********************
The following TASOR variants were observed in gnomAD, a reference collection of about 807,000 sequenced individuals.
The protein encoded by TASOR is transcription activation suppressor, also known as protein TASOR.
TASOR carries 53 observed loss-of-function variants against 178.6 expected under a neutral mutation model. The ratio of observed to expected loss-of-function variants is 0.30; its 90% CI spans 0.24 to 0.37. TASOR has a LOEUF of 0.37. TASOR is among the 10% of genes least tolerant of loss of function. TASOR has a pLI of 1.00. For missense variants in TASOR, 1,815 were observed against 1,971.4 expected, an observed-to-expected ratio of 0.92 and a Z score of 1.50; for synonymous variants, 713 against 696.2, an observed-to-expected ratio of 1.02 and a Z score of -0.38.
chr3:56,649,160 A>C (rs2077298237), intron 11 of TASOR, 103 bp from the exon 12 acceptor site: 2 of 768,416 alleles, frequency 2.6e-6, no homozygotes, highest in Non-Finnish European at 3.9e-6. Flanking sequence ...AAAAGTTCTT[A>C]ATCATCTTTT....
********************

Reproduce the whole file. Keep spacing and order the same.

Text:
The following TASOR variants were observed in gnomAD, a reference collection of about 807,000 sequenced individuals.
The protein encoded by TASOR is transcription activation suppressor, also known as protein TASOR.
TASOR carries 53 observed loss-of-function variants against 178.6 expected under a neutral mutation model. The ratio of observed to expected loss-of-function variants is 0.30; its 90% CI spans 0.24 to 0.37. TASOR has a LOEUF of 0.37. TASOR is among the 10% of genes least tolerant of loss of function. TASOR has a pLI of 1.00. For missense variants in TASOR, 1,815 were observed against 1,971.4 expected, an observed-to-expected ratio of 0.92 and a Z score of 1.50; for synonymous variants, 713 against 696.2, an observed-to-expected ratio of 1.02 and a Z score of -0.38.
chr3:56,649,160 A>C (rs2077298237), intron 11 of TASOR, 103 bp from the exon 12 acceptor site: 2 of 768,416 alleles, frequency 2.6e-6, no homozygotes, highest in Non-Finnish European at 3.9e-6. Flanking sequence ...AAAAGTTCTT[A>C]ATCATCTTTT....